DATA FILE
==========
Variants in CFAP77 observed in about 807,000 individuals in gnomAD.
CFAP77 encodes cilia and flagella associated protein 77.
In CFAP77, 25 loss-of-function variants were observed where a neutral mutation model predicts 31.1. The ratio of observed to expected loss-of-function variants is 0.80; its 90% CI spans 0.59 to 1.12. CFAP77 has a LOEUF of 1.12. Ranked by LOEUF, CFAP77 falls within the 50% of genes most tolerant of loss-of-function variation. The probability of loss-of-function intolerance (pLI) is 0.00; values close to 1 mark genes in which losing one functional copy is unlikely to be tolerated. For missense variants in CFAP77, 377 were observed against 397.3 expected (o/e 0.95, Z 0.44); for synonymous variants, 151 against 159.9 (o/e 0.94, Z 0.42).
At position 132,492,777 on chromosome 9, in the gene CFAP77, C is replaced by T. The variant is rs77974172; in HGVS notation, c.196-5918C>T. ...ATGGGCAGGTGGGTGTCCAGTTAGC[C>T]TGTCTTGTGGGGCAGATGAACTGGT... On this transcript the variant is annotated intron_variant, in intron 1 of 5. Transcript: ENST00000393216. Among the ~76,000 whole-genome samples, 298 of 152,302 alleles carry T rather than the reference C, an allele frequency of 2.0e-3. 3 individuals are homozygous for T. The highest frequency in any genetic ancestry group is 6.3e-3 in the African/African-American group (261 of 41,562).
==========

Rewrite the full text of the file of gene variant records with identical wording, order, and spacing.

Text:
Variants in CFAP77 observed in about 807,000 individuals in gnomAD.
CFAP77 encodes cilia and flagella associated protein 77.
In CFAP77, 25 loss-of-function variants were observed where a neutral mutation model predicts 31.1. The ratio of observed to expected loss-of-function variants is 0.80; its 90% CI spans 0.59 to 1.12. CFAP77 has a LOEUF of 1.12. Ranked by LOEUF, CFAP77 falls within the 50% of genes most tolerant of loss-of-function variation. The probability of loss-of-function intolerance (pLI) is 0.00; values close to 1 mark genes in which losing one functional copy is unlikely to be tolerated. For missense variants in CFAP77, 377 were observed against 397.3 expected (o/e 0.95, Z 0.44); for synonymous variants, 151 against 159.9 (o/e 0.94, Z 0.42).
At position 132,492,777 on chromosome 9, in the gene CFAP77, C is replaced by T. The variant is rs77974172; in HGVS notation, c.196-5918C>T. ...ATGGGCAGGTGGGTGTCCAGTTAGC[C>T]TGTCTTGTGGGGCAGATGAACTGGT... On this transcript the variant is annotated intron_variant, in intron 1 of 5. Transcript: ENST00000393216. Among the ~76,000 whole-genome samples, 298 of 152,302 alleles carry T rather than the reference C, an allele frequency of 2.0e-3. 3 individuals are homozygous for T. The highest frequency in any genetic ancestry group is 6.3e-3 in the African/African-American group (261 of 41,562).